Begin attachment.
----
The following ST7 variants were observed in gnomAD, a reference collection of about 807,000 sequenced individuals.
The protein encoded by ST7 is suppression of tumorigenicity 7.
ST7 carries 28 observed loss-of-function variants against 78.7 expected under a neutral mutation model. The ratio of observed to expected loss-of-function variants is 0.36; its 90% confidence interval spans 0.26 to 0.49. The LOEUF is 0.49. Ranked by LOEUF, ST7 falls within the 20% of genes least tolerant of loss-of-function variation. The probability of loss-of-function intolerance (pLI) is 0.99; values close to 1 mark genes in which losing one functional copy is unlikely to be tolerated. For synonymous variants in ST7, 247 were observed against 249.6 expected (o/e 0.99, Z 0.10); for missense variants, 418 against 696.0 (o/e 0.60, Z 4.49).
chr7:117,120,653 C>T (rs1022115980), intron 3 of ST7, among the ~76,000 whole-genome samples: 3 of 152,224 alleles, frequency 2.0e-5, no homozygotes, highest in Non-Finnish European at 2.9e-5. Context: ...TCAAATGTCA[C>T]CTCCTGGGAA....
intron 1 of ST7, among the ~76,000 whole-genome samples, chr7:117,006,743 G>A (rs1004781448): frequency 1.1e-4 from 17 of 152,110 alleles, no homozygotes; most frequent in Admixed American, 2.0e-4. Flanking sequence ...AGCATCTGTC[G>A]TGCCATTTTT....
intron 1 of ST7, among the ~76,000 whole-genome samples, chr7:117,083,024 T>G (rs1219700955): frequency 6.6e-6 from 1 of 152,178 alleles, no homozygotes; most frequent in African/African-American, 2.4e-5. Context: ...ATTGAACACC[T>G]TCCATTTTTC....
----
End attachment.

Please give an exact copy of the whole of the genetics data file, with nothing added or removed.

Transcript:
The following ST7 variants were observed in gnomAD, a reference collection of about 807,000 sequenced individuals.
The protein encoded by ST7 is suppression of tumorigenicity 7.
ST7 carries 28 observed loss-of-function variants against 78.7 expected under a neutral mutation model. The ratio of observed to expected loss-of-function variants is 0.36; its 90% confidence interval spans 0.26 to 0.49. The LOEUF is 0.49. Ranked by LOEUF, ST7 falls within the 20% of genes least tolerant of loss-of-function variation. The probability of loss-of-function intolerance (pLI) is 0.99; values close to 1 mark genes in which losing one functional copy is unlikely to be tolerated. For synonymous variants in ST7, 247 were observed against 249.6 expected (o/e 0.99, Z 0.10); for missense variants, 418 against 696.0 (o/e 0.60, Z 4.49).
chr7:117,120,653 C>T (rs1022115980), intron 3 of ST7, among the ~76,000 whole-genome samples: 3 of 152,224 alleles, frequency 2.0e-5, no homozygotes, highest in Non-Finnish European at 2.9e-5. Context: ...TCAAATGTCA[C>T]CTCCTGGGAA....
intron 1 of ST7, among the ~76,000 whole-genome samples, chr7:117,006,743 G>A (rs1004781448): frequency 1.1e-4 from 17 of 152,110 alleles, no homozygotes; most frequent in Admixed American, 2.0e-4. Flanking sequence ...AGCATCTGTC[G>A]TGCCATTTTT....
intron 1 of ST7, among the ~76,000 whole-genome samples, chr7:117,083,024 T>G (rs1219700955): frequency 6.6e-6 from 1 of 152,178 alleles, no homozygotes; most frequent in African/African-American, 2.4e-5. Context: ...ATTGAACACC[T>G]TCCATTTTTC....